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New apps help shoppers identify items using image recognition

Sami Pienimaki, one of the founders of Jolla company, presents the new Jolla smartphone in Helsinki, May 20, 2013 in this photo taken by Leh
Sami Pienimaki, one of the founders of Jolla company, presents the new Jolla smartphone in Helsinki, May 20, 2013 in this photo taken by Leh

By Natasha Baker

TORONTO (Reuters) - A new app lets shoppers flipping through retail flyers purchase items that catch their eye using image recognition technology.

The iOS app Pounce allows shoppers to scan images they spot in print media with their device's camera, then purchase the item online directly from the retailer running the advertisement.

"We are able to match an image with an actual product available online," said Avital Yachin, chief executive of BuyCode, Inc, the Tel Aviv, Israel-based company that developed the app, one of a growing number of apps using image recognition to bridge the physical and online worlds of e-commerce.

"Our vision is to allow purchasing of any product in any print ad," he said, adding that the company plans to expand to catalogs, magazines and billboards.

The Pounce app recognizes products that its retailing partners, which include Staples Inc, Target Corp, Toys "R" Us Inc and Ace Hardware Corp, sell online.

After scanning an image, the app displays the item's price and shipping cost, then allows shoppers to make the purchase directly from the retailer.

Other companies such as eBay and Amazon have apps that use image recognition to identify objects such as books, cars and even clothing to help shoppers find similar items in their online marketplaces.

"The potential of image recognition lies in its ability to determine the make and model of any item in the world, especially those that consumers are otherwise unable to identify," said Steve Yankovich, the VP of Innovation and New Ventures at eBay Inc.

EBay has experimented with adding image recognition to their eBay Fashion and eBay Motors iPhone apps. With eBay Fashion, for example, users can upload an image and the app will suggest items that have similar colors, styles, and fabric.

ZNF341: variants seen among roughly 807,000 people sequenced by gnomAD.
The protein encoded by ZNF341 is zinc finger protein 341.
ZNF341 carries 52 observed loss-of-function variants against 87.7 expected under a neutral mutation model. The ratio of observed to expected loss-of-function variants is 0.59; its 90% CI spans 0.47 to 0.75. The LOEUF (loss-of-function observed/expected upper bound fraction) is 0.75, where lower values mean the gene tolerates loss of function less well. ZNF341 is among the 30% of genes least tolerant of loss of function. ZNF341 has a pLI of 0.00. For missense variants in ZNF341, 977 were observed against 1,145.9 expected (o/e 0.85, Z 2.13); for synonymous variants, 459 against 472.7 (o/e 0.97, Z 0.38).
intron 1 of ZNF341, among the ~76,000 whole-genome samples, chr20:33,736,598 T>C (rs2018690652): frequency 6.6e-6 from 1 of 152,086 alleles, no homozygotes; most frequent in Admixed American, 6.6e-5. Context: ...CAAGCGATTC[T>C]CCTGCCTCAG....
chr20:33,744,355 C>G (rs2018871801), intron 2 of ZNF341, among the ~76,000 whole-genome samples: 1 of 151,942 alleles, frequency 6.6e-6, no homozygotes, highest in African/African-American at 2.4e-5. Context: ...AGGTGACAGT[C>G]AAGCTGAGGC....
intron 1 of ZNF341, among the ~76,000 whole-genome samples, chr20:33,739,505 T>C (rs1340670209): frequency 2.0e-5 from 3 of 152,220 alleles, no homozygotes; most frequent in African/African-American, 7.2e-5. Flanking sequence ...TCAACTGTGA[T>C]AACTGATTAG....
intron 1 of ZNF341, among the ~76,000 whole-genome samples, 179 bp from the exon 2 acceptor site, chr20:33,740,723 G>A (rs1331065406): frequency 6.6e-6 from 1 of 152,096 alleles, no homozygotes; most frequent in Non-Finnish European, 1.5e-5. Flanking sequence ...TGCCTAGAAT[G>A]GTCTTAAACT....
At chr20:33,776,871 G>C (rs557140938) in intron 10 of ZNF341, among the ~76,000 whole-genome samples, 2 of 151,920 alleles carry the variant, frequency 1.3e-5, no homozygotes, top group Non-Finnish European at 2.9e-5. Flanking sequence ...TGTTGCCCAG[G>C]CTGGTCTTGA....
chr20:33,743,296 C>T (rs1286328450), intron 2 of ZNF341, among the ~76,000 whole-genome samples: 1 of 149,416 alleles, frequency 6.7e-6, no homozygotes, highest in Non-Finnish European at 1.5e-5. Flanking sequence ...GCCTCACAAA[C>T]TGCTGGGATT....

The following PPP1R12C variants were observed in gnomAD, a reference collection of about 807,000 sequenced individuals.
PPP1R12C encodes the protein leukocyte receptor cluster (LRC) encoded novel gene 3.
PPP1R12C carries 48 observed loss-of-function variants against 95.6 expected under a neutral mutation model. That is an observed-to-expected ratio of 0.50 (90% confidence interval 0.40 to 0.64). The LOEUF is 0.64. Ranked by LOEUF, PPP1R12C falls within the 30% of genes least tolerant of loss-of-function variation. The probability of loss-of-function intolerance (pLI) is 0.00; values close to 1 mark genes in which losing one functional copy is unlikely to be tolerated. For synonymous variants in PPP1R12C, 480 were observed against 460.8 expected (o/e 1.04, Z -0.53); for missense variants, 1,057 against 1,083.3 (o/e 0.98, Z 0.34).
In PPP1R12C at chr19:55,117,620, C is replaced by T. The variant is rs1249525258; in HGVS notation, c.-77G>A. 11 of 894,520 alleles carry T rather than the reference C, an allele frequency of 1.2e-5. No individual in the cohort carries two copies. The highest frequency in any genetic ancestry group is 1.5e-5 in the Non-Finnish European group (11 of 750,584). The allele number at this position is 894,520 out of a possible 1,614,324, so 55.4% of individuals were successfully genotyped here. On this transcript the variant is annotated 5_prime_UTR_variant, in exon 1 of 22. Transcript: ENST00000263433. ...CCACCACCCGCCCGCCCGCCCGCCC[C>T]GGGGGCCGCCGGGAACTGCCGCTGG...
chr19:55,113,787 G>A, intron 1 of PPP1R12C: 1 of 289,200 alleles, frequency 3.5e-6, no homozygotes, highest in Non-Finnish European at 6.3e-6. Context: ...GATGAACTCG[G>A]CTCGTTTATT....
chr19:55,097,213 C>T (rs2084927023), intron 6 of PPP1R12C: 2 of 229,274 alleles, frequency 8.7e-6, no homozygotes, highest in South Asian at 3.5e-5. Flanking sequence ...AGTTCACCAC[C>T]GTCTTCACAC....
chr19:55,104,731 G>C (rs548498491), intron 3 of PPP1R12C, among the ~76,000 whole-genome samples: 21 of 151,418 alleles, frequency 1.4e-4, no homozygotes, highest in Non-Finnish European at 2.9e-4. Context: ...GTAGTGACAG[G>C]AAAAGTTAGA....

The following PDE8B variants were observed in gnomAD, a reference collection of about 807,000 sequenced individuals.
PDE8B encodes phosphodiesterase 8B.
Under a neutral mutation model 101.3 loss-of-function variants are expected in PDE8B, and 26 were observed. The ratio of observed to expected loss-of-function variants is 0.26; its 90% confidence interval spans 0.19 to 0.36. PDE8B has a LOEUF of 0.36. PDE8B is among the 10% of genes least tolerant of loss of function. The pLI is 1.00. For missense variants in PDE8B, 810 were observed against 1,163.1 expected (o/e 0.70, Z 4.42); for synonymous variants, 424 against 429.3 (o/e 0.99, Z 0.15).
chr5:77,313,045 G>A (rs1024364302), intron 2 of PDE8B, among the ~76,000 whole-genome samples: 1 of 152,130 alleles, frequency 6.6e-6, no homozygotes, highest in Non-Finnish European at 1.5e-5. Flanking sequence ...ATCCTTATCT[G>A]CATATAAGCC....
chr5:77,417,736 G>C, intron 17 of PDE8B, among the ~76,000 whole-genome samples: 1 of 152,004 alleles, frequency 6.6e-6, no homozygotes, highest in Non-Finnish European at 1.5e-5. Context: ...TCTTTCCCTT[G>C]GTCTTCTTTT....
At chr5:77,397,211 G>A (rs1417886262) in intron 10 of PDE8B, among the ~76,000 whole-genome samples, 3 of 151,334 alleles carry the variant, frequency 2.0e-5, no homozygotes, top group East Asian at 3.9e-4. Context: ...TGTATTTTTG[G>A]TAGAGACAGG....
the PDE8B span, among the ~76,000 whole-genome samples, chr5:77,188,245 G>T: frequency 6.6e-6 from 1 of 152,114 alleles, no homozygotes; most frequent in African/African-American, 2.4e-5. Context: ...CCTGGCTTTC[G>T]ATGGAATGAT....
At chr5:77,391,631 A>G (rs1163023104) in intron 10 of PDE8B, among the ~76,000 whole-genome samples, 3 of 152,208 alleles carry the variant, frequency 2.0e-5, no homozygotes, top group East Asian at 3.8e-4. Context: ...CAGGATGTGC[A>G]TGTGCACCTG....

Its RedLaser app for iPhone and Android allows users to take photos of items and shows similar items available for sale at retailers online and locally, which eBay says fosters its main mission of partnering with retailers, not competing with them.

Yankovich predicts that image recognition technology will help make shopping more seamless as it evolves over the next 10 years.

Amazon's app Flow, for iPhone and Android, allows users to use the camera to identify a product sold on Amazon and get such details as its description, reviews and video or audio clips.

The company says the app can recognize packaged goods with distinguishable features such as books, DVDs or even items such as candy bars or a box of cereal. Users can then read reviews and purchase them from the online retailer.

But Yachin said it will be some time yet before consumers can identify everyday items such as clothing on another person.

"The broader vision of recognizing real-world objects will take a little longer," he said, adding that the technology relies on a large database of product images.

Pounce is free and available in the United States, with plans to expand to Canada and Europe. Amazon Flow is only available in the United States and is free and EBay Fashion is also free and available worldwide.

(Editing by Chris Michaud and Andre Grenon)

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